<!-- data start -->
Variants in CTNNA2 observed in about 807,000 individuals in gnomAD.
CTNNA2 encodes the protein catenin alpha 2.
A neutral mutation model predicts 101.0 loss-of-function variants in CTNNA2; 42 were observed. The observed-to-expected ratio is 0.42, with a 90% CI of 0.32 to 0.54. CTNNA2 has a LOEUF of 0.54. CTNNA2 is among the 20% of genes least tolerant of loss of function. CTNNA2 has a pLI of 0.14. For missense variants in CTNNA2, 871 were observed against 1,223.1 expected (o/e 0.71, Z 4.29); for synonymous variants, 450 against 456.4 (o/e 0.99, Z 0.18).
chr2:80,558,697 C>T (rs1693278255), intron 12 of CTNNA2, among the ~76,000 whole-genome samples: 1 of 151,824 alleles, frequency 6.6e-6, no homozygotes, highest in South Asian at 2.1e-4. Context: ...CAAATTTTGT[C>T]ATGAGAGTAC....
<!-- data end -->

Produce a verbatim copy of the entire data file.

Variants in CTNNA2 observed in about 807,000 individuals in gnomAD.
CTNNA2 encodes the protein catenin alpha 2.
A neutral mutation model predicts 101.0 loss-of-function variants in CTNNA2; 42 were observed. The observed-to-expected ratio is 0.42, with a 90% CI of 0.32 to 0.54. CTNNA2 has a LOEUF of 0.54. CTNNA2 is among the 20% of genes least tolerant of loss of function. CTNNA2 has a pLI of 0.14. For missense variants in CTNNA2, 871 were observed against 1,223.1 expected (o/e 0.71, Z 4.29); for synonymous variants, 450 against 456.4 (o/e 0.99, Z 0.18).
chr2:80,558,697 C>T (rs1693278255), intron 12 of CTNNA2, among the ~76,000 whole-genome samples: 1 of 151,824 alleles, frequency 6.6e-6, no homozygotes, highest in South Asian at 2.1e-4. Context: ...CAAATTTTGT[C>T]ATGAGAGTAC....